Sometimes we are too analytical when viewing other people. I am. In a conversation with a person, I sometimes wonder what they are really thinking, or what their true feelings are about the topic being discussed. A few weeks ago I taught for one week at a church camp. When we arrived at this beautiful camp, one of the first people to greet my wife and me was a woman with a pleasant personality and a smile that got my attention. I wondered what was behind her smile. By the week’s end, I knew. She was doing an excellent job at covering up a lot of hurts. Many of these feelings came out as she responded to my teaching, and our group became a family.
We learn through the years to cover our feelings with a smile. One of our friends decided that she is too old to drive her automobile and is going to sell it. Her lifestyle will change. She can no longer come and go as freely as she once did. Yet, she covered her feelings very well with a smile.
I am sure this was true in the life of the person who wrote our Psalm, which serves as the text for this sermon. Today he gives us a look at what is going on in his soul. Let’s examine some of his statements, which are emotional.
He writes, “As the deer pants for streams of water, so my soul pants for you, O God.” (vs. 1) What is he saying? “Life has taught me that God alone can satisfy my greatest needs.” Without God’s presence, he was an orphan. There was a vacuum in his life, an appetite that only God can satisfy.
You can be sure that the Psalmist did not run around telling his friends that he had these feelings. The author could present himself as a spiritually strong person. He could have given the impression that he was adequate for all things, but such was not so. There might have been a smile on his face, but what was behind the smile?
Millions of people walk in their society giving the impression that they have no needs. Money has provided them with all of the luxuries and necessities that a human could hope to have, and yet an intimate conversation with them tells you how burdened they are. Material possessions cannot satisfy all of their needs. Their souls pant for a personal relationship with the living God, and yet they do not know this to be true. They are looking for something, but they do not know what it is.
It is the task of the Christian to point this person to Christ, who alone brings peace for what they long. Real peace comes from within. I am convinced that many of these people wait for their Christian friends to talk about the Savior.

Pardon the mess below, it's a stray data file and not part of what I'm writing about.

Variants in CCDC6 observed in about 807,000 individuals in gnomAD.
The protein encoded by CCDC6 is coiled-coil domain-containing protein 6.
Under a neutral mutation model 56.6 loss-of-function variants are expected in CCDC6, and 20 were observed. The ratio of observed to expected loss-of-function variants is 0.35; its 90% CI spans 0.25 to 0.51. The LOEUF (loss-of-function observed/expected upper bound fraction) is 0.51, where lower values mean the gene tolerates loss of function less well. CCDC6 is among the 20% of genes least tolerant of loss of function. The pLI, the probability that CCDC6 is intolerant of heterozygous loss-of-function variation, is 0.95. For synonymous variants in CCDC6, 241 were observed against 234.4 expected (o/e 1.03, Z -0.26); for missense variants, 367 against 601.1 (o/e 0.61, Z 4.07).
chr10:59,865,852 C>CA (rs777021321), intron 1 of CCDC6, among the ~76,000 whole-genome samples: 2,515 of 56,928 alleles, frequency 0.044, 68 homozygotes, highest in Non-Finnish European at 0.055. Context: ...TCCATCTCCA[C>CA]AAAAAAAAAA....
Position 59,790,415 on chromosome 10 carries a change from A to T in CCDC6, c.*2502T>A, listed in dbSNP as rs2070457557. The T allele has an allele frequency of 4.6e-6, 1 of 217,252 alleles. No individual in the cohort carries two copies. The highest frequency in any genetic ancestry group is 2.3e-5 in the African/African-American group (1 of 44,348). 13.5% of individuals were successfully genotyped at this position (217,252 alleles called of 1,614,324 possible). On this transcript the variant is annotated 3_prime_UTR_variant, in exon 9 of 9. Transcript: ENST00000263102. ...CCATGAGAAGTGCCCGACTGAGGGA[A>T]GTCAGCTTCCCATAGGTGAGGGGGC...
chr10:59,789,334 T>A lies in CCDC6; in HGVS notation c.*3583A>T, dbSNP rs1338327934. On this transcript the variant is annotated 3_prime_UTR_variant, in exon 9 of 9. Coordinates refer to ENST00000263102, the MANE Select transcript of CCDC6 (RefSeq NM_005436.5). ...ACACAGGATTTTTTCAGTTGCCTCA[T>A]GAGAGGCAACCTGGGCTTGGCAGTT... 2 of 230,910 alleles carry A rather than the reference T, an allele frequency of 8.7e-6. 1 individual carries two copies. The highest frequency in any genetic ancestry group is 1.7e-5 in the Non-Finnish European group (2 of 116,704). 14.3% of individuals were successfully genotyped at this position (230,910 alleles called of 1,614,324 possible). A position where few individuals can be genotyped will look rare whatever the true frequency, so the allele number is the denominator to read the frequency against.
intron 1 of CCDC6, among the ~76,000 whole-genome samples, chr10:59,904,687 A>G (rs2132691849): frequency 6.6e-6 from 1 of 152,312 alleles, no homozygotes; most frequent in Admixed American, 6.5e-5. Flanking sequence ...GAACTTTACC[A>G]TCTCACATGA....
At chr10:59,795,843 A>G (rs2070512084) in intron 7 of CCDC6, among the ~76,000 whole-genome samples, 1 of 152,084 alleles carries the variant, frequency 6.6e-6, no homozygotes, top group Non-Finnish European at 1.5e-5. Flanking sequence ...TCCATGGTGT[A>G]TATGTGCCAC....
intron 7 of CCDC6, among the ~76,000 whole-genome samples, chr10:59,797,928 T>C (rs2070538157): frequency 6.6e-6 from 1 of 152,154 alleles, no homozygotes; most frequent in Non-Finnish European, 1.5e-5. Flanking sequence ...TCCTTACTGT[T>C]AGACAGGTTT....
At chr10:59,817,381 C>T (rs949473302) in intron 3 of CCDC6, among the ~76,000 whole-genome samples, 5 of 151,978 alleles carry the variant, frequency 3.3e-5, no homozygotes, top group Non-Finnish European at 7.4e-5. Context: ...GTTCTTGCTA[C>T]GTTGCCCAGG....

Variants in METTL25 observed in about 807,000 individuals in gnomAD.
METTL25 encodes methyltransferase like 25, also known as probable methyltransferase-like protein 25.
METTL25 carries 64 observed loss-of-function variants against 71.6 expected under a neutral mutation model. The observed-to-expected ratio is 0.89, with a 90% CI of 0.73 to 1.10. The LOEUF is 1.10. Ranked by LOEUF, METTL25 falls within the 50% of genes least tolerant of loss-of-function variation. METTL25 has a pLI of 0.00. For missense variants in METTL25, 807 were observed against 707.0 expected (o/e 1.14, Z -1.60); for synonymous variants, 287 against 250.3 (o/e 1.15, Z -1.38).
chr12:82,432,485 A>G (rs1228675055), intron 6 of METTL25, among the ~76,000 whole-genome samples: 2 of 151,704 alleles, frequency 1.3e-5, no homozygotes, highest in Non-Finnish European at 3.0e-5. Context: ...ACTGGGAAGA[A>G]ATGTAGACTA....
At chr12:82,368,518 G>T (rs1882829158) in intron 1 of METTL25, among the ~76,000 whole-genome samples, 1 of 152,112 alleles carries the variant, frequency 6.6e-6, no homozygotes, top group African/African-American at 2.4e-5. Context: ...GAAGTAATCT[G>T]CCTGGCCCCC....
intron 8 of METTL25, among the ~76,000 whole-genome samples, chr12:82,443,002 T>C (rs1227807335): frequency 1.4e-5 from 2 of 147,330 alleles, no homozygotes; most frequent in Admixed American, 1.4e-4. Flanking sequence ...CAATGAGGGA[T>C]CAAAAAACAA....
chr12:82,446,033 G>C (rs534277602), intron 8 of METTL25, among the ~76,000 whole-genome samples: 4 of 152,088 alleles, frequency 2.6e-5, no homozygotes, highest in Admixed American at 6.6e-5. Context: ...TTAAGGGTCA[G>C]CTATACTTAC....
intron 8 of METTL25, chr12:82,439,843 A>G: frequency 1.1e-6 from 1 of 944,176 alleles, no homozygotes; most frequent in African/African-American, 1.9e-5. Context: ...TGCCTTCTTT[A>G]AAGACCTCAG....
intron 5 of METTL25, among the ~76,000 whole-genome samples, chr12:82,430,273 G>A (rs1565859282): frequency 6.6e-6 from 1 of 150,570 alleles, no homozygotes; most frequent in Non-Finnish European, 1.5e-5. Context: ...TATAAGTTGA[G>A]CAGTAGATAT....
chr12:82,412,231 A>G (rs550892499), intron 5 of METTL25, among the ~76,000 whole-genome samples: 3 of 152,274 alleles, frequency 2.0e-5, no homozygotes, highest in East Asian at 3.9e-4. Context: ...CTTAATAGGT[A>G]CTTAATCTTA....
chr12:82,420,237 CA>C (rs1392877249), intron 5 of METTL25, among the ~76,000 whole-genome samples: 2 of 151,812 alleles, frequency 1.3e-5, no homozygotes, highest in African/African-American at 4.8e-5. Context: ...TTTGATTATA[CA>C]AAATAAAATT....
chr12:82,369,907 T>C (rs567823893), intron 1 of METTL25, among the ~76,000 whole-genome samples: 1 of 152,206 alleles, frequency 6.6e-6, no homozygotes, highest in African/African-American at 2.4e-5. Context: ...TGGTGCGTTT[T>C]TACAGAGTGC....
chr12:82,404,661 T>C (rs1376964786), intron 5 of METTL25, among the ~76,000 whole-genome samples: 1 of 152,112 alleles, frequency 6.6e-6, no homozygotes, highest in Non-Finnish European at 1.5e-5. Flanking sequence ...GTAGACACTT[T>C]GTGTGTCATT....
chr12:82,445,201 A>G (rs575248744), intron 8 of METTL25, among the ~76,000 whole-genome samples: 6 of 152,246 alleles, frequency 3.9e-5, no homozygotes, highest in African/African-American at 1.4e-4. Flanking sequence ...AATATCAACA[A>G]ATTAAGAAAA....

Let’s move on and talk about another feeling. The Psalmist was depressed. He was suffering from nostalgia, and he thought back on the “good old days.” “These things I remember as I pour out my soul; how I used to go with the multitude, leading the procession to the house of God, with shouts of joy and thanksgiving among the festive throng.” (vs. 4) He had led the procession in the temple on a festive day. All eyes could have been on him, but now these days were over. He could sit and watch as others led the multitudes into the place of worship.
If you are an older person, can’t you identify with these feelings? Life is not over because some of our earthly duties have been passed on to others. Our working days were but one chapter in our lives. Now God has something else for us to do. Maybe it is to sit back in the bleachers and cheer the next generation on as they minister to their peers with the same Gospel we used in ministering to our friends and relatives. Just to sit back and see how God is working in the lives of people becomes very interesting. It is surprising that life can go on without us, isn’t it?
As the Psalmist continues revealing his feelings, he tells us that depression leads to some funny thoughts and questions. In verse 9 he writes, “I say to God, my Rock, ÔWhy have you forgotten me?'” First he calls God his Rock, and then he accuses God of forgetting him. It doesn’t make sense, and some of our questions don’t make sense either, do they? When God has blessed us with health, family, the necessities of life, and the promises of His presence with us while we walk on this earth as well as a heavenly home, why do we complain? Why do we use a superficial smile to cover up the unhappiness that dwells in our souls? Sometimes these feelings of depression and unhappiness break through the smile and our friends who are not Christians ask, “Where is your God? Doesn’t your religion help you in times like these?”
he Psalmist knows the answer for his emotions. “Put your hope in God.” These are the words repeated in the Psalm. What does it mean? Let’s spell it out. To put your hope in God means:
¥ That Jesus Christ is your Savior and Lord, and you live in a personal relationship with Him.
¥ That you read the Scriptures daily and let God give you a word that will sustain you through the day.
¥ That you will make your requests known to him in prayer many times during the day.
¥ That you will join with His people, the Church, and worship Him on a regular basis.
Let Christ dwell in you and there will be a peace in your soul and a smile on your face that no sorrow can take away. Then the smile will be genuine and all people will inevitably know that God has put it there.